That was the week Hillary began to look like the candidate who fell off a truck wearing a Nixon mask. Email-gate is taking on the odor of Watergate — the main ingredient of which was not the dopey crime itself but the stonewalling around it. Hillary is a horse that ain’t gonna finish. The Democrats better be prepared to haul Uncle Joe out of the closet, fluff up his transplanted hair, wax his dentures, give him a few Vitamin B-12 shots, and stick a harpoon in his fist for the autumn run against the White Whale (if Trump is actually nominated).
When the main economic event this week hits this Friday at 8:30 am EDT, when the BLS releases the May payrolls report, Wall Street consensus wil be expecting a 160,000 print, a number which will have a big impact on market expectations for a Fed rate hike at the June or July FOMC meeting. However, consensus may be disappointed for one reason: the Verizon strike could chop off as much as 35,000 workers from the headline payrolls print.
With the US closed for Memorial Day and UK markets also offline, overnight volumes have been weaker than normal on little newsflow. The main story remains the stronger USD which not only led to the lowest Yuan fixing since February 2011 but pushed the USDJPY as high as 111.50 overnight before paring gains. Europe’s Stoxx 600 is unchanged on poor volume, after earlier rising above the 200 DMA for the first time in 2016. US equity futures were 0.2%, or 4 points higher, currently resting just above 2,101 with the last trading day of May tomorrow expected to push the cash market over 2,100 as well.
We have tracked the problems of recently junked Noble Group - Asia's largest commodity trader - extensively over the past year. Then, moments ago things finally turned serious for the company, announced moments ago on the Singapore stock exchange, not only is CEO Alireza resigning, to be replaced by William Randall and Jeff Frase as co-CEOs, but the company will also begin the sale process of its Noble Americas Energy Solutions, one of its star assets, in a deal that will generate "significant cash proceeds", which is the best confirmation just how desperate for cash the company truly is.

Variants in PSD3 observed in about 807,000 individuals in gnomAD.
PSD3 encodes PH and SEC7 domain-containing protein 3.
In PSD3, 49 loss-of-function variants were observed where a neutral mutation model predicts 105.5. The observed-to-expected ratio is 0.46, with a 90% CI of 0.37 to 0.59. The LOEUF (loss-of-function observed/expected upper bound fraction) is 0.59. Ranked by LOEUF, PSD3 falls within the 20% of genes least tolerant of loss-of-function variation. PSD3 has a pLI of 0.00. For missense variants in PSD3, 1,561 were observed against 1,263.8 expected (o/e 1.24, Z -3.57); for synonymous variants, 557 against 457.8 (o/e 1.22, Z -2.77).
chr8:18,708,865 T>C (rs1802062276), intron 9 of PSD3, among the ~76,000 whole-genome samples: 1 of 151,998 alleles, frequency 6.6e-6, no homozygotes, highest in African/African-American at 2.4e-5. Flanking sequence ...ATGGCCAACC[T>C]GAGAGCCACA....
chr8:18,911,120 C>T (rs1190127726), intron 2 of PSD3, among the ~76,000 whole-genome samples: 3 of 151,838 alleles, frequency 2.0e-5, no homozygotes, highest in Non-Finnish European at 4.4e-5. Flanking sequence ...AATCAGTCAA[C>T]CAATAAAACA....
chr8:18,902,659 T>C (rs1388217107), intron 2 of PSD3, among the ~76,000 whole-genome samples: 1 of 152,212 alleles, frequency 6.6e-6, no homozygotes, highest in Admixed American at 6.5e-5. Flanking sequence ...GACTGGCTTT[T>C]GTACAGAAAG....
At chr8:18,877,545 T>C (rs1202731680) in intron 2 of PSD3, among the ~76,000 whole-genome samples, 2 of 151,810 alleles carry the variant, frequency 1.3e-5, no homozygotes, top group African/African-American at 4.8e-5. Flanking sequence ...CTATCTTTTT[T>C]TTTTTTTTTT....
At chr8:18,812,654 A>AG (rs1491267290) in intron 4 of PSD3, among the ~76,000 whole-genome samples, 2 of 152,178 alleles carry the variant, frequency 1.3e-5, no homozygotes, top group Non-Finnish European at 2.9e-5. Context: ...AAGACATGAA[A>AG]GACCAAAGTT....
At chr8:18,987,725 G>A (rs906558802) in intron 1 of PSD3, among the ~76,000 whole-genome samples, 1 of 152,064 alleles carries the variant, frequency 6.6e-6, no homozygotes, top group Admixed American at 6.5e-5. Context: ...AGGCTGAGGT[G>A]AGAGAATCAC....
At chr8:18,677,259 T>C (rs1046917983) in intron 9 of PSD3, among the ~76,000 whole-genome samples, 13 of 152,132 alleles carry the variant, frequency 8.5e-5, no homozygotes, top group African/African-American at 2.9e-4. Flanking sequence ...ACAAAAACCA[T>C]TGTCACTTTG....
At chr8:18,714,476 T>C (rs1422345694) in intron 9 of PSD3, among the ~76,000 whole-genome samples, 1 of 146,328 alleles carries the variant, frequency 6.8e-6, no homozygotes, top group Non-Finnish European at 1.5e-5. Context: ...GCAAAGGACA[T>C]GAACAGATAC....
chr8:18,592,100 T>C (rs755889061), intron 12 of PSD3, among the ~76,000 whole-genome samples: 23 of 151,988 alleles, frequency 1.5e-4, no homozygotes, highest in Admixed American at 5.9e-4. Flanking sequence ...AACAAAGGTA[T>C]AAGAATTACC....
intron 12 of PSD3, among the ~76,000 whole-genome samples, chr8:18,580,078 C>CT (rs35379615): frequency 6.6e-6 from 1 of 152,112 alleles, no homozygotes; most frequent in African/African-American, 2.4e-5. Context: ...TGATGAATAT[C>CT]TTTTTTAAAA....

In light of the continued push by state AGs to go after Exxon on climate change, five senators have sent a letter to U.S. Attorney General Loretta Lynch demanding that in two weeks, the Department of Justice "immediately cease its ongoing use of law enforcement resources to stifle private debate on one of the most controversial public issues of our time - climate change." Or, said otherwise, to end the government witch hunt against political opponents of president Obama's energy agenda.
By now we all know that Goldman Sachs is the gift that keeps on giving to the Clintons. Whether it's paying millions out for speeches, investing in family member's failing hedge fund ventures, or donating hundreds of thousands to the Clinton Foundation, Goldman seems to be keeping a close relationship with the family. But, with The Intercept dogging Hillary's every move seeking uncomfortable truths to awkward questions, perhaps the gift of Goldman is now a growing inconvenience on the campaign trail.